PM Sharif in 'driving seat' on Pak's India policy: Pak HC

PM Sharif in 'driving seat' on Pak's India policy: Pak HC

PM Sharif in 'driving seat' on Pak's India policy: Pak HC

 Pakistan Prime Minister Nawaz Sharif is in the "driving seat" in handling relations with India, Pakistan envoy Abdul Basit has said, seeking to dispel the perception that it's powerful army called the shots.

Basit's remarks assume significance as foreign policy experts in India feel that Pakistan army scuttles any forward movement in Indo-Pak ties. At present, the engagement between the two South Asian neighbours is suspended following series of attacks carried out in India by Pakistan-based terror groups.

However, in a freewheeling interview to PTI, Basit said categorically that the two countries cannot "escape" from bilateral engagement. They cannot live in "perpetual hostility", he asserted.

"We are very happy that our army is one of the best in the world. At the same time, our democracy has taken deep roots during the last 8-9 years. And I have no doubt that our prime minister, who is an elected prime minister, is in the driving seat when it comes to policy matters. It is the civilian side which calls the shots.

"In all democratic countries including India, you do take inputs from all the stakeholders and that is what we also do in Pakistan. There is nothing out of the ordinary in that. Our relations with India are very important part of our foreign policy, So, if there are inputs from our security agencies, there is nothing extraordinary," he said.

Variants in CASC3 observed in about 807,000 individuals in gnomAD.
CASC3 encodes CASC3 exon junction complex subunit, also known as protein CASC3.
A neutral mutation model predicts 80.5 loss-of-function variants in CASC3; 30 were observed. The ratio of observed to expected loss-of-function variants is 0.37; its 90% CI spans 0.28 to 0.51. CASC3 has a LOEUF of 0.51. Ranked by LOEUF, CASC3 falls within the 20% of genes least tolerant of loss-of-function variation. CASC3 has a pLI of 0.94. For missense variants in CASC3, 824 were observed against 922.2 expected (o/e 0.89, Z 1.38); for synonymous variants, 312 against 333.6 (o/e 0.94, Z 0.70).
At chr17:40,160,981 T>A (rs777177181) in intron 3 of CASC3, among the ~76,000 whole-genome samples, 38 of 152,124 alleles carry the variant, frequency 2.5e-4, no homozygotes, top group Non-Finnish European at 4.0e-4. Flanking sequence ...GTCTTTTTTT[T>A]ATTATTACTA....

The Pakistan high commissioner also noted that the pattern in Indo-Pak ties was "one step forward and two steps backward".

Therefore, it is important that the two countries should be engaged in "irreversible" and build on the past progress and not squander them, he added.

"It is unnatural not to talk or not have normal relations. It is absolutely incumbent on both sides to keep the door ajar (for talks)...We cannot live in perpetual hostility," Basit said.

He also said he was convinced that sooner or later, the two countries will come to the negotiating table.
On the reasons for ties to sink after a promising start at the beginning of the Modi government's tenure in 2014 when Sharif had come to attend the swearing-in ceremony and the bonhomie shown by the two leaders, Basit said, "Obviously from the Indian view point Pathankot was one incident."

Announcement of the Comprehensive Bilateral Dialogue (CBD) during the visit of External Affairs Minister Sushma Swaraj to Pakistan in December 2015 was a "one of the biggest achievements" of past three years, he said.

But after the Pathankot incident, the visit by the Indian foreign secretary, who was to come to Pakistan on January 15, 2016, was cancelled.
The envoy also said the two sides already have a framework in the CBD and it would be "scheduling of meetings" on various issues.